Coca-Cola, Amazon, Cadbury – 5 things that mattered this week and why

Diet Coke overhaul

Coca-Cola turns its attention to Diet Coke

Having claimed big success with its Coca-Cola Zero Sugar rebrand, Coke is now turning its attention to the Diet Coke brand promising “exciting things” for the brand in the UK following an overhaul in the US.

Despite not being very forthcoming about plans for the UK, the brand refresh does signify a direct desire to appeal to health-conscious millennials. And with the sugar-tax set to come into force in April, the push would be timely.

The US brand refresh includes new packaging, a new campaign and four new flavours. Zesty blood orange and feisty cherry are among the new tastes. If these don’t spark much excitement hold your scepticism as the 10,000 Americans they surveyed surely can’t be wrong.

READ MORE: Coca-Cola preps Diet Coke overhaul in the UK to boost sales

Cadbury swaps joy for kindness in new marketing strategy

Despite promising to deliver joy for 10 years, Cadbury’s has ditched its ‘Free the Joy’ campaign instead focusing on moments of “kindness and generosity”.

The chocolate company launched its Joy positioning in 2012 but has slowly been distancing itself from it ever since. In 2014, it ended the communication platform Joyville, following that two years later by dropping the strapline ‘Free the Joy’ to instead showcase moments of joy. Now, after six years, it has decided to end the focus on joy altogether.

The change will be implemented across the Cadbury portfolio but is starting with the Dairy Milk brand and includes a new advert that launches tomorrow (13 January).

READ MORE: Cadbury ditches joy positioning after six years to go ‘back to brand roots’

Amazon makes a big push into ad tech

Amazon has made no secret of its desire to become a bigger player in the digital ad space. Barely thought of a year ago, it has since piqued the interest of a number of marketers, as well as WPP boss Sir Martin Sorrell, looking for an alternative to the Facebook and Google duopoly.

With that in mind, Amazon made a big push in Europe this week, bringing its Transparent Ad Marketplace (or TAM) to the region after its launch in the US a little over a year ago. Amazon hopes that its cloud-based service will attract publishers because it should mean faster load times – the bidding happens on Amazon’s servers rather than on a publisher’s website meaning less code and more speed.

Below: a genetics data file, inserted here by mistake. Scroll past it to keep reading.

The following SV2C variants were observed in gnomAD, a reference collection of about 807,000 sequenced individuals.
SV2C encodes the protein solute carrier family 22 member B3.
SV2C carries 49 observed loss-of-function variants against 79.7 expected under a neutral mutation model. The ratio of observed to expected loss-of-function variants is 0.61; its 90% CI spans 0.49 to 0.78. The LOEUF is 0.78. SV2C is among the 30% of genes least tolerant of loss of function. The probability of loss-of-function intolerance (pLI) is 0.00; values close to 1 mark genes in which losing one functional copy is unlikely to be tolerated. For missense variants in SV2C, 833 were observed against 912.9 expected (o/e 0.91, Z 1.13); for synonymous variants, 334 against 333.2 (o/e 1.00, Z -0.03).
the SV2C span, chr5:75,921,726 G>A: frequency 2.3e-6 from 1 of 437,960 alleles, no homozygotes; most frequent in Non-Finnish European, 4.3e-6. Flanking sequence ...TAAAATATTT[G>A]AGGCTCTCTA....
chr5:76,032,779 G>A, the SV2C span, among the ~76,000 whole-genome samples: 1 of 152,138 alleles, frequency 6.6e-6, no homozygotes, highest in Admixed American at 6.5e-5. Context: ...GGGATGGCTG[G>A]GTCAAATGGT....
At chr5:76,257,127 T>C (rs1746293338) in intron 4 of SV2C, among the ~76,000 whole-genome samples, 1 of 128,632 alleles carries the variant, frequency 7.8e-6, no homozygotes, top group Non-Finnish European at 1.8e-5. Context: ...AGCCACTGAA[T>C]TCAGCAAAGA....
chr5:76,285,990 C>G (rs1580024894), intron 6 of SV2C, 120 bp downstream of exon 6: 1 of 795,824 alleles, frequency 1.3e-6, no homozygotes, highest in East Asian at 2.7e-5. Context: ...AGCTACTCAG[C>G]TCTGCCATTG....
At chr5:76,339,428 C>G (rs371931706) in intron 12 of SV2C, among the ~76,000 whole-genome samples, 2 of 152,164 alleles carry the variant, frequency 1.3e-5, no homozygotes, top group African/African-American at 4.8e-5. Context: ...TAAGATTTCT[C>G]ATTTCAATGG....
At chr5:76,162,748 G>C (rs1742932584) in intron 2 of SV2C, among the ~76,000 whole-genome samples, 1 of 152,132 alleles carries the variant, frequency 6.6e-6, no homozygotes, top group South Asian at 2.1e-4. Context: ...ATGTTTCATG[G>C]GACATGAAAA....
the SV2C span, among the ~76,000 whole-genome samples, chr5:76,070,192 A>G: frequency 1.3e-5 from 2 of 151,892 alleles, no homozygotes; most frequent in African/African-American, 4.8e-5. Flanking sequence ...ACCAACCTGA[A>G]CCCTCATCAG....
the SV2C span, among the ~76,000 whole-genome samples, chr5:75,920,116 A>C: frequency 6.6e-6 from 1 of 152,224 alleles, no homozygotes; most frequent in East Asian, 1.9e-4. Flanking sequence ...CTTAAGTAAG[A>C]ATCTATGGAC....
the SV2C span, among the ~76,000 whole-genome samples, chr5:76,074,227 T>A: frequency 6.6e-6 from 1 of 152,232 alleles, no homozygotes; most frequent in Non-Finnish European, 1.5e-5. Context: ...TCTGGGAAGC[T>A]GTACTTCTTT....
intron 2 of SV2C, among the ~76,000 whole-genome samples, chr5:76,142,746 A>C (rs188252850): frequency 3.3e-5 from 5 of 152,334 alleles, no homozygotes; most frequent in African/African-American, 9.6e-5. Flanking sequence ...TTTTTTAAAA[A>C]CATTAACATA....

Amazon still accounts for just a tiny fraction of the digital ad market but it is growing and growing fast. And we all now what typically happens when Amazon turns its attention to a new market – especially one where it already has the scale and data to compete.

READ MORE: Amazon plots digital ad push with ad tech launch

The Christmas winners and losers

After all the excitement about the Christmas ad campaigns, it’s now time to see which retailers actually had a successful festive season and which did not. Obvious winners would seem to be Next, Morrisons and Tesco, all of which posted positive numbers. Meanwhile Debenhams, House of Fraser and Mothercare were forced to issue profit warnings.

Over at John Lewis, it was another good year for sales, with boss Paula Nickolds crediting the “talkability” of its Moz the monster campaign and suggesting the focus on “thoughtful giving” is here to stay. But while Marks & Spencer’s boss hailed the Paddington campaign as “brilliant”, its sales were a little more mixed with a warm October ruining its hopes of positive like-for-likes in clothing and food sales disappointing.

READ MORE: John Lewis backs ‘thoughtful giving’ Christmas message despite signs of fatigue

L’Oréal launches its first ever wearable device

L’Oréal has long had a reputation for showing off its technical and scientific prowess at the Consumer Electronics Show in Las Vegas. Last year, the French beauty giant launched a “connected” brush, which provides hair analysis and customised product recommendations.

This time around it has brought out its first ever wearable device. UV Sense looks to help consumers keep track of how much sunlight users are exposed to – and encourage them to protect themselves against harmful UV rays.

It works like this: UV Sense is less than 2mm thick and is designed to be worn on the thumbnail. It measures individual UV exposure and provides real time information, stores up to three months’ worth of data and shows trends of exposure over time.

Through an accompanying mobile app, wearers can access information indicating when they should be mindful of their UV exposure and therefore apply more sunscreen or seek out the shade.

L’Oréal describes the device as “the future of wearables”, due to its “organic” nature. But as the device is smaller than an M&M, just make sure you don’t lose it.

READ MORE: L’Oréal moves into wearables for the first time with UV light tracking device



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